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August 05, 2016 at 02:05 AM



Eli Roth as American Stoner
Rick Hoffman as The American Client
Jay Hernandez as Paxton
720p 1080p
684.66 MB
23.976 fps
1hr 34 min
P/S 12 / 59
1.42 GB
23.976 fps
1hr 34 min
P/S 10 / 32

Movie Reviews

Reviewed by ufemizm 1 / 10

bad things happen to bad people

I saw Hostel tonight with a crowd that was very receptive to the experience. Mine was more hostile. The film opens like a teen sex comedy. We are meant to identify with three young guys, who's idea of fun is getting high and having sex with prostitutes. This first section is littered with naked women, in what might just be the least sexy presentation of naked women anywhere. One can sense director Eli Roth and his cronies giving each other high fives off-camera, much like the silhouetted threesome early on in the film, as they pay surgically enhanced women to take their clothes off.

The three men find themselves in Slovakia, and in what is referred to as an art show or an exhibit. Rich men have paid Russian gangsters to torture and ultimately murder a human being, our heroes? subjects? One by one, the men are tortured and killed in escalating graphic manners. The final man escapes, is involved in a car chase, and ultimately becomes what he was trying to escape.

This is, at its black heart, a very dumb movie. Probably, the most clever thing in the film, is the very weak parallel drawn between the legalized red light district in Amsterdam, and the illicit torture rooms in Slovakia. Everything else is just baloney. We don't really care about the three men, so the tortures that they endure aren't really effective at eliciting any sympathy, it's more that we're glad it's not happening to us. The motivations for the men that torture is never made clear, it's more a general sociopathic disconnect that's vaguely hinted at. It's also worthwhile noting that the one character that seems to be gay is singled out as the worst of the torturers, further contributing to the filmic stereotype of homosexual as homicidal.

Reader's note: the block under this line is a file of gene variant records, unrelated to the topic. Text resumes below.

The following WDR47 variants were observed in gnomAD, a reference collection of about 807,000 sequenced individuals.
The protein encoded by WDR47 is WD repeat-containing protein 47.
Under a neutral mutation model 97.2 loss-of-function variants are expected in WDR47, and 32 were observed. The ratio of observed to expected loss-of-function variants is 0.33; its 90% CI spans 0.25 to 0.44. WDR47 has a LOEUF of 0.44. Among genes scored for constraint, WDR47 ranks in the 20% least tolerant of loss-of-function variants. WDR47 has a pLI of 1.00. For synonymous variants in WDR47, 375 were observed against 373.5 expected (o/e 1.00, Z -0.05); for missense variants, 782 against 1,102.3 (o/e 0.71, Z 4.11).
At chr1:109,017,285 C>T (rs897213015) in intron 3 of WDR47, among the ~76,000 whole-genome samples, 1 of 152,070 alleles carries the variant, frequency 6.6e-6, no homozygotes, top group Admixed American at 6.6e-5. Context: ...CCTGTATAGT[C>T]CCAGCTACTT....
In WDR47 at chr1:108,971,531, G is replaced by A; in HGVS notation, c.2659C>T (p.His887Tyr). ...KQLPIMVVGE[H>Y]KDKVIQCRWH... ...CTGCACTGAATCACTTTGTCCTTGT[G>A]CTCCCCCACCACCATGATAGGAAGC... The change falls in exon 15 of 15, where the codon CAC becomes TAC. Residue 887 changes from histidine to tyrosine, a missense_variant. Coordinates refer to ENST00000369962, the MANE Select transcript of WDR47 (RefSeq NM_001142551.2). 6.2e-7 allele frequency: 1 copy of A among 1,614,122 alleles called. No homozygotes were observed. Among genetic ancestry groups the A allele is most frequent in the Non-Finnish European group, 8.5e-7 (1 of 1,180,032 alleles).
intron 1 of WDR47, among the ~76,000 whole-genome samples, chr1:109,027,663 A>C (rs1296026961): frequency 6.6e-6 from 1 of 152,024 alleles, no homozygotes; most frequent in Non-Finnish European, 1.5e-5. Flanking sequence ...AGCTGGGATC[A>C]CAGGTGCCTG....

One should also note the historical context of the film. This is an American movie, about torturing people, made at a time when America, right or wrong, is receiving flak for torturing prisoners in Iraq and elsewhere, and makes no mention of the current world situation.

It's also worth noting that the audience I watched this picture with cheered and applauded at each new horror. It all seemed so Circus Maximus.

Reviewed by requiem2872 3 / 10

Unrealistic and not scary.

I didn't like Hostel. The premise is frightening. The idea of being drugged, kidnapped, tortured, and killed by people who are paying to do it, is a great concept for a film. It's just too bad that the movie couldn't decide what it wanted to be.

It starts off like "Eurotrip" or any number of cheesy teen sex comedies. Lots of fake boobs and characters acting idiotic, in a fake atmosphere. Scenes in dance clubs that don't look realistic. You know, the types of places where people are dancing to loud music, but somehow can talk to each other in a normal tone of voice and everything is brightly lit so you can see all the movie extras pretending to dance in the background. Just like all the clubs, I've ever been to, right? Anyway, this goes on and on until the bloodshed starts, giving us absolutely no reason to feel anything for the main characters.